The price of gold may be showing some life right now. With deflation rearing its ugly head in many places around the globe, more and more central bankers are contemplating quantitative easing programs, thereby debasing their currencies in order to jump start their economies. This will be good for gold. Should the price get above $1,225 it might be a signal for traders to buy. 

The strong dollar is certainly no friend to the price of copper. It has fallen, for the fourth time in the past five years, to major support at $2.80. It hasn't been below that price since recovering from the financial crisis level of $1.25 at the end of 2008. Even though the fundamental situation with copper shouldn't be as dire as it was in 2008, I'm still very concerned about this picture. If the dollar doesn't alter its upward trajectory, copper will continue to suffer.

The Nasdaq Composite is continuing its inexorable climb to surpass the record closing price of 5,048.62 from March 10, 2000. As of this writing, the index is only 344 points, or about 7%, below the record. It has been a VERY LONG road to get to this point. I expect the tech-heavy index to finally push through that level sometime in the first half of next year. Accordingly, I have been increasing the tech exposure in my portfolios.

I made two "buy" calls on the financial sector last year, both of which were fortunately well timed. Since then, I've recommended that investors simply sit tight and wait for the next pullback. Nothing in the chart suggests to me that I change my stance. I'm still bullish on this sector long-term, but I'm not ready to add new funds right now as the index remains higher than moving averages and above the center of the trading range. If the price approaches 23.5, I might add to my positions.

Last month I wrote that the "moving averages had just formed a "Golden Cross" whereby the 50-day moving average moves higher than the 200-day average. This is generally viewed as a very bullish price formation. So perhaps this dip will be temporary, setting the stage for a definitive move higher than 215." The index did, in fact, trade higher. The current price is just below a resistance level not seen since before the financial crisis. The index has increased more than four-fold since the depths of the crisis. Will it now surpass the old highs, or will it roll over and break below the rising trendline? Time will tell. 

The index for the developed international markets has fallen about 15% since its peak in July. The current price has fallen below support at 60 and is well below both moving averages. The next support comes in around 55, which if attained, would put the index solidly in bearish territory. This is not a pretty chart, and given the currency troubles plaguing much of the rest of the world, as well as deflationary pressures, I don't expect things to improve any time soon. I'm reiterating the call I made last month to stay away from this sector.

The Shanghai Index has gone parabolic, and I just don't understand why. The price has jumped almost 78% in just over six months, and amazingly, its happening in a vacuum. Are you reading any headlines about it? Can you imagine the media frenzy if the S&P 500 jumped almost 80% in six months? I wish I could say I bought a Chinese ETF and booked some big gains, but no, I didn't believe in the rally. And looking at the chart now, seeing both RSI and MACD both extremely overbought, I would sit and wait for the inevitable correction. Because when it comes, it's going to be a doozy.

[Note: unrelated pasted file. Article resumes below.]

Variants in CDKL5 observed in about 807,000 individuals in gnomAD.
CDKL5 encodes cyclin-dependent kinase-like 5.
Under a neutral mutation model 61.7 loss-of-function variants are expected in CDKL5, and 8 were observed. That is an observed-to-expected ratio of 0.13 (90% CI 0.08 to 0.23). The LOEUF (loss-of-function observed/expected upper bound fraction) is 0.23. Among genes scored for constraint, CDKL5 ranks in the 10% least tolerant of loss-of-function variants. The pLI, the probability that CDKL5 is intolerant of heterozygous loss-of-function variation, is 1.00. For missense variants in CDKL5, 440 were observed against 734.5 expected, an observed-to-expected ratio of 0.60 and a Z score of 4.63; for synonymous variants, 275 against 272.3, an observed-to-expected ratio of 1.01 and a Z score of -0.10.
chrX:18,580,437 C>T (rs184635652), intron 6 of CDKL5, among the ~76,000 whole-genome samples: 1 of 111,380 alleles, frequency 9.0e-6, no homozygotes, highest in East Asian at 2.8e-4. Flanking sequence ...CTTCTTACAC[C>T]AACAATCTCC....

The NYSE Bullish sentiment index proved to be a very good contrary indicator last year. If you bought near the bottom of each of the four declines you would have done very well. Timing the tops would have been far more difficult. Looking ahead, the market could go either way in the near-term, so I wouldn't be a buyer or a seller right now.  

The index that tracks the percentage of stocks on the New York Stock Exchange that are currently trading above their 50-day moving average dovetails very nicely with the Bullish Sentiment. So much so that I'm going to stop producing this one after this month. Suffice it to say, like the chart above, this chart doesn't suggest a near-term direction right now.  

Finally, we can see "A Year In Volatility", as represented by the VIX. My feeling is that this index will spend more time above 22 this year than last, with the bulk of the time in 2015 in the 16 - 22 range as volatility increases with uncertainty. To paraphrase something Bette Davis once said,"Fasten your seat belts, it's gonna be a bumpy ride!"

Fearless Forecasts - Looking Back and Gazing Ahead

Each year in the January newsletter I make a number of predictions about the stock market, the domestic economy and a few key trends.At the same time, I use this opportunity to review the accuracy, or lack thereof, of my Fearless Forecasts from the prior year. So first, let's see how my prognostications from last year panned out. The forecasts are in black and what really happened is in red.

  1. I think the broad markets will again finish higher in 2014. Put me down for a 12% gain for the Dow Jones Industrial Average, which means a closing price of 18,565. I think the S&P 500, with a greater emphasis on tech and growth, could do a little better, finishing up 14%, for a closing price of 2,106. As usual, the market will not rise in a straight line. I expect there will be two or three corrections of between 5 - 10%. One could even be worse than that. But investors who hold tight will be rewarded. I was absolutely correct about the direction of the market, and that buy and hold would be rewarded, but I ended up a bit over-optimistic about the ultimate gains. The DJIA finished up only 7.5% while the S&P 500 ended up a better 11.4%. The results would have been better if not for the plunge in oil prices. There were four corrections of between 5 - 10% (they each lasted less than a month).